Daredevil

“Daredevil” is a Netflix original series created in collaboration with Marvel. The show, which starred Matt Murdock, a blind lawyer-turned-vigilante, aired for three seasons until being canceled in late 2018. Despite the fact that the show was a critical darling, received five Emmy nominations, and appeared to be well-liked by fans, it was canceled due to expectations that it would have a future on Disney’s new streaming network. Fans were outraged and took to Twitter to vent their frustrations.

Mind Your Language

The British sitcom “Mind Your Language” was racially inappropriate and xenophobic by today’s standards. However, when this comedy about a night school teacher and his rowdy students premiered on ITV in 1977, it proved to be a hit, lasting four seasons. “What a Country,” its American counterpart, lasted only two seasons.

BoJack Horseman

This adult animated series starring Will Arnet, Amy Sedaris, Alison Brie, Paul F. Tompkins, and Aaron Paul has voices by Will Arnet, Amy Sedaris, Alison Brie, Paul F. Tompkins, and Aaron Paul. The titular BoJack Horseman is a washed-up TV star who is now struggling with addiction and depression, but is still plotting a comeback obsessively. The decision to discontinue the show, according to creator Raphael Bob-Waksberg, was made by Netflix. Thankfully, the streaming provider provided ample notice for the crew to produce a meaningful and fulfilling series finale.

Arrested Development

When Fox premiered “Arrested Development” in 2003, it discovered an Emmy-winning cult hit that would never attract a wide enough audience. The show followed the dysfunctional Bluth family, who lose everything when their patriarch is imprisoned for white-collar crimes. Chicken dances, banana stands, and a never-ending supply of other running jokes were all part of the performance for die-hard fans. When the show was on the verge of being canceled in its third season, an internet campaign to save it was launched. The sitcom was revived by Netflix in 2013 for a fourth, and later fifth, season.

The West Wing

Aside from its high IMDb rating, “The West Wing’s” mythology may also be judged by the slew of awards for which Aaron Sorkin’s original series was nominated and won over its seven-year run on NBC. The show’s termination was not unexpected, as several elements appeared to be working against it. The show’s decline was aided by the departure of Sorkin after season four, a drop in ratings when the show was relocated to Sunday night, and the untimely death of one of the major performers, John Spencer.

Monty Python’s Flying Circus

“Monty Python” has become a byword for ground-breaking British humour. The sketch series “Monty Python’s Flying Circus” aired for four seasons before the comedic trio released the popular films “Monty Python and the Holy Grail” and “Life of Brian.” After the third season, John Cleese left, and after the fourth, everyone else went as well. Even while four seasons may seem insufficient for such a great show, it was a remarkable achievement given the BBC’s desire to discontinue it almost immediately.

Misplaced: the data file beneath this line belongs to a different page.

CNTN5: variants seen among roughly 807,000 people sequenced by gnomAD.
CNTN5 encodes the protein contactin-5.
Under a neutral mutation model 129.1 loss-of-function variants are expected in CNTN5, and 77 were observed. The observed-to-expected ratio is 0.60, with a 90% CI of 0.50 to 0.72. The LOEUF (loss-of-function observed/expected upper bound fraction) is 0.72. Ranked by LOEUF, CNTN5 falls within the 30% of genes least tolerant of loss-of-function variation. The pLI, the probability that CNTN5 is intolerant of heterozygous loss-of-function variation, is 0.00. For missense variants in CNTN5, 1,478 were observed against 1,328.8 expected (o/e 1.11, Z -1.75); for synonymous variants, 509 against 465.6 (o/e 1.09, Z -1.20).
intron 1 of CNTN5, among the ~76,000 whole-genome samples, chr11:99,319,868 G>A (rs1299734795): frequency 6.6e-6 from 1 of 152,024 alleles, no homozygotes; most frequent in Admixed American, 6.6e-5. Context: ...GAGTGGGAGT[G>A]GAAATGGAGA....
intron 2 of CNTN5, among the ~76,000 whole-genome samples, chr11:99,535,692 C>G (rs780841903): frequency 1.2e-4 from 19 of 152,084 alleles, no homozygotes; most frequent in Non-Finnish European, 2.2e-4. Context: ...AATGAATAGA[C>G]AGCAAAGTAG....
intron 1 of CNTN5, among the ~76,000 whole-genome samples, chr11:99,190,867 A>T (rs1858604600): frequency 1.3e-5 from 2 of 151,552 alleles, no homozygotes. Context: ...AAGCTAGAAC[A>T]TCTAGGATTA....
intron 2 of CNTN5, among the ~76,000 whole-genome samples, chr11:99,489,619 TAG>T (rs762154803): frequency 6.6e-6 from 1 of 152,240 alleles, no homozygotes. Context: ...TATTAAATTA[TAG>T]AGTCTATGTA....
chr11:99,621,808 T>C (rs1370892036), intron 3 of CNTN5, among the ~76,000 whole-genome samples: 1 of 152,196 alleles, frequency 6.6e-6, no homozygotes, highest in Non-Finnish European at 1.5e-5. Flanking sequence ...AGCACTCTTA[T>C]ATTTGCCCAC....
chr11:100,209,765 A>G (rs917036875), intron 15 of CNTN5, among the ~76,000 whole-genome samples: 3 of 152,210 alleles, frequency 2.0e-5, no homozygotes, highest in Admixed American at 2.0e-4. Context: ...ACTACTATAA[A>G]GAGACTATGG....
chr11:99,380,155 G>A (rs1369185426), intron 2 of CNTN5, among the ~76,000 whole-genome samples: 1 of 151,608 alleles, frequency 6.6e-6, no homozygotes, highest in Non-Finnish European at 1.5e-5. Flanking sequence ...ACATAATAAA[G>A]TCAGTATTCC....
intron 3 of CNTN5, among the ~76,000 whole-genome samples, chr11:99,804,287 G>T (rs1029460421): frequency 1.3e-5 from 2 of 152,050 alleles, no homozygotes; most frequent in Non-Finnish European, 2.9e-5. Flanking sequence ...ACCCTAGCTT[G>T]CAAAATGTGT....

Freaks and Geeks

Though it’s difficult to believe, there was a time when Judd Apatow wasn’t one of Hollywood’s most well-known comedic minds, James Franco wasn’t an Oscar nominee, Seth Rogen wasn’t the poster boy for stoner comedy, and Jason Segel didn’t know how his character’s father met his mother. These actors, along with others from “Freaks and Geeks,” starred in the NBC sitcom about high school awkwardness, which was never renewed for a second season. Despite the fact that individuals involved’s careers only seemed to blossom after the show’s demise, Seth Rogen has publicly chastised the man who cancelled it.

Twin Peaks

“Diane, the pie is excellent,” said one enthusiast, and many others agreed. David Lynch’s surreal criminal thriller “Twin Peaks” premiered on ABC in 1990. The show follows FBI Agent Dale Cooper as he investigates the death of popular high school student Laura Palmer. With weird aspects like a woman who talks to a log, a real-life giant, and a peculiar hallucinogenic crimson room, the show would have been a risky bet for any network. Lynch has stated on the record that he had little involvement in the second season and that he did not appreciate it. The show was resurrected by Showtime in 2017 for a second season.

The Twilight Zone

“The Twilight Zone” is a titan of the fantasy and science fiction genres. The anthology, which aired on CBS for five seasons, dealt with strange stories from another world. “The Twilight Zone” earned honors and captured the hearts of fans, as did the other series on this list, but its audience ratings were never great. It was canceled twice before being resurrected over the course of five seasons. The show was cancelled for the final time in 1964, and not even paranormal forces could save it.

Batman: The Animated Series

“Batman: The Animated Series,” not to be confused with “The New Batman Adventures,” which is also on this list, aired on Fox Kids for four seasons. The series was discontinued because the filmmakers “run out of ideas for stories,” according to Kevin Conroy, who portrayed Batman in an interview in 2018.